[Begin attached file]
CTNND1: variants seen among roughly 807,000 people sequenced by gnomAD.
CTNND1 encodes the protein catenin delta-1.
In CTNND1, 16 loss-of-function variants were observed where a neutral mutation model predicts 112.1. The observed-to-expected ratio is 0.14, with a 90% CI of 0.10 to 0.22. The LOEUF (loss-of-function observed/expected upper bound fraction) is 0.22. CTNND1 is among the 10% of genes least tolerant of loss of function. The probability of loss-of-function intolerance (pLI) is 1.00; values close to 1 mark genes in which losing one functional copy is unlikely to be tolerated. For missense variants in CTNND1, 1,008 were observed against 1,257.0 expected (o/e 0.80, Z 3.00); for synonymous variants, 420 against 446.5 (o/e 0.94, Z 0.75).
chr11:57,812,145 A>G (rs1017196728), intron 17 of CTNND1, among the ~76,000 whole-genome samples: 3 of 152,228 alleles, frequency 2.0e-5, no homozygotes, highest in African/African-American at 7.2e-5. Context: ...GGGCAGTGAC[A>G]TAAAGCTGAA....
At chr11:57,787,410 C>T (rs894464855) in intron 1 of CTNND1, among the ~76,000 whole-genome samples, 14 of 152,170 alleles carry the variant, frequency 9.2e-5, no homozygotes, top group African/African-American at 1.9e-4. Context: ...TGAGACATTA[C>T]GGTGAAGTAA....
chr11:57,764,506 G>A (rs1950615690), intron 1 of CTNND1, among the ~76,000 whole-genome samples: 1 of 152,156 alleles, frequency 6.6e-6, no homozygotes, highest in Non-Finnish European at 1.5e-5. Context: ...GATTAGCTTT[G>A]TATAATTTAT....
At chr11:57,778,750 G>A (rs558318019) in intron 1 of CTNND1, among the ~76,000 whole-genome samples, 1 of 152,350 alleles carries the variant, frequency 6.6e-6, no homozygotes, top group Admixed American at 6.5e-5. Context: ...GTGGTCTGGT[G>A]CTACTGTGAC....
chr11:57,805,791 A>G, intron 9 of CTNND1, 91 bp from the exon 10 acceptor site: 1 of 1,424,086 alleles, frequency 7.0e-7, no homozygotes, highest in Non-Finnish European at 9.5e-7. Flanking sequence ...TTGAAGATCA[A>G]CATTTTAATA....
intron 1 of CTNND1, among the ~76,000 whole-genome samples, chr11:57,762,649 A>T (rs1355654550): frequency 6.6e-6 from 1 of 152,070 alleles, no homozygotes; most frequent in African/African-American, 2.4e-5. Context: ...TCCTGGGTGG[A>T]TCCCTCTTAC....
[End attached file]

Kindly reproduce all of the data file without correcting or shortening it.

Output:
CTNND1: variants seen among roughly 807,000 people sequenced by gnomAD.
CTNND1 encodes the protein catenin delta-1.
In CTNND1, 16 loss-of-function variants were observed where a neutral mutation model predicts 112.1. The observed-to-expected ratio is 0.14, with a 90% CI of 0.10 to 0.22. The LOEUF (loss-of-function observed/expected upper bound fraction) is 0.22. CTNND1 is among the 10% of genes least tolerant of loss of function. The probability of loss-of-function intolerance (pLI) is 1.00; values close to 1 mark genes in which losing one functional copy is unlikely to be tolerated. For missense variants in CTNND1, 1,008 were observed against 1,257.0 expected (o/e 0.80, Z 3.00); for synonymous variants, 420 against 446.5 (o/e 0.94, Z 0.75).
chr11:57,812,145 A>G (rs1017196728), intron 17 of CTNND1, among the ~76,000 whole-genome samples: 3 of 152,228 alleles, frequency 2.0e-5, no homozygotes, highest in African/African-American at 7.2e-5. Context: ...GGGCAGTGAC[A>G]TAAAGCTGAA....
At chr11:57,787,410 C>T (rs894464855) in intron 1 of CTNND1, among the ~76,000 whole-genome samples, 14 of 152,170 alleles carry the variant, frequency 9.2e-5, no homozygotes, top group African/African-American at 1.9e-4. Context: ...TGAGACATTA[C>T]GGTGAAGTAA....
chr11:57,764,506 G>A (rs1950615690), intron 1 of CTNND1, among the ~76,000 whole-genome samples: 1 of 152,156 alleles, frequency 6.6e-6, no homozygotes, highest in Non-Finnish European at 1.5e-5. Context: ...GATTAGCTTT[G>A]TATAATTTAT....
At chr11:57,778,750 G>A (rs558318019) in intron 1 of CTNND1, among the ~76,000 whole-genome samples, 1 of 152,350 alleles carries the variant, frequency 6.6e-6, no homozygotes, top group Admixed American at 6.5e-5. Context: ...GTGGTCTGGT[G>A]CTACTGTGAC....
chr11:57,805,791 A>G, intron 9 of CTNND1, 91 bp from the exon 10 acceptor site: 1 of 1,424,086 alleles, frequency 7.0e-7, no homozygotes, highest in Non-Finnish European at 9.5e-7. Flanking sequence ...TTGAAGATCA[A>G]CATTTTAATA....
intron 1 of CTNND1, among the ~76,000 whole-genome samples, chr11:57,762,649 A>T (rs1355654550): frequency 6.6e-6 from 1 of 152,070 alleles, no homozygotes; most frequent in African/African-American, 2.4e-5. Context: ...TCCTGGGTGG[A>T]TCCCTCTTAC....